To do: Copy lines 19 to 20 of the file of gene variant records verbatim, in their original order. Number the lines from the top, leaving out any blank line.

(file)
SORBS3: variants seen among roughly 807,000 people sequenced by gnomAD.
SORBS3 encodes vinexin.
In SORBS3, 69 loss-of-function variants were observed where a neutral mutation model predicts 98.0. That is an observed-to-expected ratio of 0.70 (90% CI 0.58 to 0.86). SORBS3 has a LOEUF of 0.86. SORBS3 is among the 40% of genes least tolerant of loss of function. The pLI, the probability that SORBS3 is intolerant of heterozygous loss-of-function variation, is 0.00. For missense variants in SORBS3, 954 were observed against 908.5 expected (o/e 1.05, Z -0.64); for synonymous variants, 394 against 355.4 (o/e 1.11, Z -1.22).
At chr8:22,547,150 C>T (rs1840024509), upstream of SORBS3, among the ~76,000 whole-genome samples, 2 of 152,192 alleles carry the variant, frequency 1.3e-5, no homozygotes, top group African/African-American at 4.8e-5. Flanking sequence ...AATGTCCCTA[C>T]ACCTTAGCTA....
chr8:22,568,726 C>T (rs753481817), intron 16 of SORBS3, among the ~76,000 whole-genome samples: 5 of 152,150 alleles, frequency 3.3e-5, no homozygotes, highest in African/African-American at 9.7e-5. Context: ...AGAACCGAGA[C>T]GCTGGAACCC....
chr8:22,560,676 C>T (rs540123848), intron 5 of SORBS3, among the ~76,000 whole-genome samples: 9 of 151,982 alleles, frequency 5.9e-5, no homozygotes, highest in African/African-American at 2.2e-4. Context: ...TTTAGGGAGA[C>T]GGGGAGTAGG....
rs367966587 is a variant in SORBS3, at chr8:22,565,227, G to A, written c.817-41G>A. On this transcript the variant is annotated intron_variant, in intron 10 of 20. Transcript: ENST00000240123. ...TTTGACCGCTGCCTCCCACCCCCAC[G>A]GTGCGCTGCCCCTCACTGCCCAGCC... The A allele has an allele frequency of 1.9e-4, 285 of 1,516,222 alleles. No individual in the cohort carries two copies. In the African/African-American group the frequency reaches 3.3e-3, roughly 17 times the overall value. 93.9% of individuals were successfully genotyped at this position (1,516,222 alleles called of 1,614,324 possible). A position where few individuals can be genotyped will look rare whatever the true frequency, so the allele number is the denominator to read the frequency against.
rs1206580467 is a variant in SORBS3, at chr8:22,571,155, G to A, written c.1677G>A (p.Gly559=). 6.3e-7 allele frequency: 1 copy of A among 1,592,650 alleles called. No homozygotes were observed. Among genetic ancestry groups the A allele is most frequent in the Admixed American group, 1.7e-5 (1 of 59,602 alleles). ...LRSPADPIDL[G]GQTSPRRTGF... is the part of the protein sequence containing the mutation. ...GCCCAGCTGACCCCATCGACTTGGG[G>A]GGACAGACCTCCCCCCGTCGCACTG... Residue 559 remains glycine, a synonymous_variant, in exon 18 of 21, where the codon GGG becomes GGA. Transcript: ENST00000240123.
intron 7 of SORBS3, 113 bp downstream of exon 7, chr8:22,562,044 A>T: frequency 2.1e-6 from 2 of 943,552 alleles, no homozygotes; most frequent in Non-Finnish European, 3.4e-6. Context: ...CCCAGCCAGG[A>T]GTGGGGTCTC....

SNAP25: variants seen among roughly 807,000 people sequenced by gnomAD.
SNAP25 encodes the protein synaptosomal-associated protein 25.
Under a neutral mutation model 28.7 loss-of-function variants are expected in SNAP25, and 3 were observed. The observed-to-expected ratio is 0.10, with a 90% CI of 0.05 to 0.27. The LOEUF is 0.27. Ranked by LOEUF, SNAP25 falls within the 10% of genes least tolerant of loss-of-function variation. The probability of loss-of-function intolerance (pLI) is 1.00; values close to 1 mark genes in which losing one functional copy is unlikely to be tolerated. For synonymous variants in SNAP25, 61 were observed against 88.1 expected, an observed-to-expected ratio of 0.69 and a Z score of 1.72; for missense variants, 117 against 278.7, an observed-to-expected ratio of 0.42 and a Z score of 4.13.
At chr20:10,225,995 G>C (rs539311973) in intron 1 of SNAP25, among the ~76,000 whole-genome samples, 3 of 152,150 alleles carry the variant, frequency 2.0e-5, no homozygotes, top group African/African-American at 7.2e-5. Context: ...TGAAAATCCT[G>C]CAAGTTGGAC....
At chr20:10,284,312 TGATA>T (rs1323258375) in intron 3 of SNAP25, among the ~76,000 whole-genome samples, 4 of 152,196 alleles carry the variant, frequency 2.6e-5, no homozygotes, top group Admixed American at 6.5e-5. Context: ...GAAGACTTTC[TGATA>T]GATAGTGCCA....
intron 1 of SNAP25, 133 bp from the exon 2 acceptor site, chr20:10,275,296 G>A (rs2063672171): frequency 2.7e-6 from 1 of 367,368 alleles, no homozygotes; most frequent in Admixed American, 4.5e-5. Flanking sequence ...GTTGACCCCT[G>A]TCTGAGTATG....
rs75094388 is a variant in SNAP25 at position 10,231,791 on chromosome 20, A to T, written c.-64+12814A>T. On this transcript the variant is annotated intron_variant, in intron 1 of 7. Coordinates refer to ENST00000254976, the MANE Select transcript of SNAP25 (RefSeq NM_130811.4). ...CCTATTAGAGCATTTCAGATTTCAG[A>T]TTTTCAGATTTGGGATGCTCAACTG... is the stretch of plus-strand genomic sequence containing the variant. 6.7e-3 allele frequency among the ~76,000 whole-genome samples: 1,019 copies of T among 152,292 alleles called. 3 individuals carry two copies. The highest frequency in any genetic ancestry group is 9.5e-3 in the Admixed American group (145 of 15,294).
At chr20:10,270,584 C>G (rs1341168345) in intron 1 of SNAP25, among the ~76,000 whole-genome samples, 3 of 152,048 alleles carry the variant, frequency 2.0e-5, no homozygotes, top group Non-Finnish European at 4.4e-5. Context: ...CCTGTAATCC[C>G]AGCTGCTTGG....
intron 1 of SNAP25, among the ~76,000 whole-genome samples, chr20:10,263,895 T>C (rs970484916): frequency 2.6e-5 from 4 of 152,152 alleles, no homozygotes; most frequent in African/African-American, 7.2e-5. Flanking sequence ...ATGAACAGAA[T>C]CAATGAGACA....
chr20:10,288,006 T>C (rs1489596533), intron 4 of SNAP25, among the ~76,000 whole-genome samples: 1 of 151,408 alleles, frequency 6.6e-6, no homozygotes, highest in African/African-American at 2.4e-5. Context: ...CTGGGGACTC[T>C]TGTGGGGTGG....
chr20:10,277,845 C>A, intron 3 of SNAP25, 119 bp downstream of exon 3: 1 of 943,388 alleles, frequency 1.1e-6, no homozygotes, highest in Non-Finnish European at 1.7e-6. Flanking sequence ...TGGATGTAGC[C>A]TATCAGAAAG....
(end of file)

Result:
chr20:10,288,006 T>C (rs1489596533), intron 4 of SNAP25, among the ~76,000 whole-genome samples: 1 of 151,408 alleles, frequency 6.6e-6, no homozygotes, highest in African/African-American at 2.4e-5. Context: ...CTGGGGACTC[T>C]TGTGGGGTGG....
chr20:10,277,845 C>A, intron 3 of SNAP25, 119 bp downstream of exon 3: 1 of 943,388 alleles, frequency 1.1e-6, no homozygotes, highest in Non-Finnish European at 1.7e-6. Flanking sequence ...TGGATGTAGC[C>A]TATCAGAAAG....